Our client, age 45, had no prior criminal history. He and his wife had two children and our client wanted to take them to a family gathering, but his wife was sick. The family gathering involved his “side” of the family, so he very much wanted to bring his kids, age two and six.
Going without them suggested to everyone else there that there was something amiss at home.
He told his wife that he wanted to go, his wife protested, saying he could not properly supervise the two very active young children. As he was talking to his wife, who was holding his two-year-old son, his son began to cry and gesture that he wanted to be held instead by our client. The two-year-old said “Daddy, Daddy” and reached toward our client.
Our client then reached out to hold his son, but his wife stepped back, insisting that he agree not to take the kids with him to the party. Complicating this stressful situation was the baby, crying for our client to hold him.
Our client then reached up to take the baby away from his wife, but she held onto him firmly. Our client then struggled a bit and eventually gained hold of the baby. He then went to get his keys in the bedroom, but his wife raced to the bedroom and slammed the door shut, locking it.
Our client thus pushed in the door, breaking it off the hinges, and got his keys. He then left to the party with the kids.
The wife called the Compton Police, who immediately came to the mobile home park and took a report of vandalism and, noting certain scratches to the wife’s arms and a cut on the inside of her lip, felony domestic violence.
The wife called our client multiple times to return to the mobile home, but our client ignored her calls.
When he did return several hours later, the Compton Police Department arrested him on charges of felony domestic violence (Penal Code § 273.5), as well as misdemeanor vandalism (Penal Code § 594(b)(2)). The client was shocked that this was happening, but the overwhelming emotion was anxiety that he was going to miss work by being in custody.
He consequently posted bail immediately so he would not miss work. He was then released and reported to work the next day, but was very confused about how he could be arrested for domestic violence when he had no intention of hurting his wife and vandalism when the property damaged was his own.
He called Greg Hill & Associates and immediately met with Greg Hill, along with his wife. Greg, too, was curious as to how domestic violence was involved if our client had no intent to injure his wife. At the time, Greg did not know about the photographs of the cut to the inside of the lip to the client’s wife. Greg explained further that the vandalism charge may be subject to a motion for civil compromise under Penal Code §§ 1377 and 1378 if the Compton District Attorney seemed intent on keeping such a charge at all (the cost of repair would be paid to our client’s wife and a declaration signed by her).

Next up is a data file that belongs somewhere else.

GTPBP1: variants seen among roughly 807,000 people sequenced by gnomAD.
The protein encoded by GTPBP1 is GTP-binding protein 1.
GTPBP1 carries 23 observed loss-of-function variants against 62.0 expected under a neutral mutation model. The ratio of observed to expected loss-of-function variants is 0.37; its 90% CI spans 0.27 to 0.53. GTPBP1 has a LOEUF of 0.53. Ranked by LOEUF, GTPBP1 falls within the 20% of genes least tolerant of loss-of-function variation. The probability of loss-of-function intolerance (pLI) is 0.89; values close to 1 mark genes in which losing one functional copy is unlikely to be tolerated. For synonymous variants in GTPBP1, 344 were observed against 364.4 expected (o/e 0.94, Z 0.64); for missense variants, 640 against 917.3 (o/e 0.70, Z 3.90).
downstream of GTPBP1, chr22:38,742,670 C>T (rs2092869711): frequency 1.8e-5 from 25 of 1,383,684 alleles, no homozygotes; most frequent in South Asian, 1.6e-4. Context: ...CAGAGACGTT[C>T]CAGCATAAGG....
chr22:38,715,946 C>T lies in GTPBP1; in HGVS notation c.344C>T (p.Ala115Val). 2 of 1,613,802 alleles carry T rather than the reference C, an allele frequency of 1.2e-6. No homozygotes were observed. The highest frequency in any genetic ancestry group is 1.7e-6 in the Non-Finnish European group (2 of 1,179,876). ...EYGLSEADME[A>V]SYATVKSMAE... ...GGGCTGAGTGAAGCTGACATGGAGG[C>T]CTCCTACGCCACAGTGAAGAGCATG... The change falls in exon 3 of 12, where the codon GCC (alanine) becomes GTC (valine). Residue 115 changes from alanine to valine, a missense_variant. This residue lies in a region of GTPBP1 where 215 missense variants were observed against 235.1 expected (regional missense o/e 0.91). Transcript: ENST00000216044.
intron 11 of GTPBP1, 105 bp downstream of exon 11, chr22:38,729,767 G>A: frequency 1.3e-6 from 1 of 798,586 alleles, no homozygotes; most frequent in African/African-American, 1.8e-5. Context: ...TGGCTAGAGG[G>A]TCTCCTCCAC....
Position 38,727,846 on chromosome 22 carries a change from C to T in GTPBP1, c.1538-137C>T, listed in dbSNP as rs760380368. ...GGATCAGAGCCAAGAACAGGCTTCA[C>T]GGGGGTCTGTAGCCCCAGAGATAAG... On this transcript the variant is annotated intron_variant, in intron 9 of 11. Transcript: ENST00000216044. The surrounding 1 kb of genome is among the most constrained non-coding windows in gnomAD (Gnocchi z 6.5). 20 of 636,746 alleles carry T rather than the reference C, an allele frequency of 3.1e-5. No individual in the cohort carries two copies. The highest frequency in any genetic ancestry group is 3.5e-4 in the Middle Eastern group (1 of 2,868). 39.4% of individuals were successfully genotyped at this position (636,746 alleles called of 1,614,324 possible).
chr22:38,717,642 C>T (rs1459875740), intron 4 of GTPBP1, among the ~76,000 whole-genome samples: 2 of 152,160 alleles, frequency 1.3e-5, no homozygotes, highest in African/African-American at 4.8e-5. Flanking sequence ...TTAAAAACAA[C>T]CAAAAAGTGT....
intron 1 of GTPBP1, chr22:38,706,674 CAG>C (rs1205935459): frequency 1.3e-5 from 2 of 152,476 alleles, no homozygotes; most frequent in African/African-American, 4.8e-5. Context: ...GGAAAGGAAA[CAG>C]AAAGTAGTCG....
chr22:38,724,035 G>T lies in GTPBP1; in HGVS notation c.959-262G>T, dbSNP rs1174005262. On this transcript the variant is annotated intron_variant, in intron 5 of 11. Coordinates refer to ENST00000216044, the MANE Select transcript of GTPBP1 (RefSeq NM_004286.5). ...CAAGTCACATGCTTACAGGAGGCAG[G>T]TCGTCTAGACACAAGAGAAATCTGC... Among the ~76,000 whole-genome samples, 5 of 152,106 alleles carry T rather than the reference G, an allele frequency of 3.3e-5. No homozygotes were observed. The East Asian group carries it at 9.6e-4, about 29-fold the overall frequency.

Greg then appeared in the Compton Superior Court with our client at the arraignment. The case had been filed as a misdemeanor, but the client still needed to appear to be served with the criminal protective order that was mandatory in any case for domestic violence. Our client’s wife was present at the arraignment, as Greg suggested, and the judge amended the protective order to allow peaceful contact (Level 1). The client had already attended four approved batterer’s program classes at the time of the arraignment, which impressed the judge in granting a Level 1 protective order.
Greg also saw the color photograph of the inside of the lip of the client’s wife and understood why a domestic violence charge was filed at all.
Over the next few court appearances, Greg prepared a Defense Position Letter with a Mitigation Packet for the prosecution. In response, the DA met with the client’s wife and she explained that the bloody lip she sustained was more a result of her and her husband tussling over the baby, rather than our client punching her or slapping her with the intent to injure her.
The DA eventually amended the complaint to allege just a simple battery (Penal Code § 242), but with three years of summary probation, an obligation to attend 52 batterers’ classes, to make a $500 donation to a domestic violence fund, $220 in court fines and a continuing Level 1 protective order during the period of probation.
We bring this case summary to the reader’s attention as a bit of a cautionary tale, as the tussle our client and his wife had really was not domestic violence, but our client’s anger in breaking their home’s door suggested he was angry enough to injure his wife. Therefore, after much discussion with our client about going to trial and how a jury might perceive the circumstances, we chose to resolve this case via a plea bargain.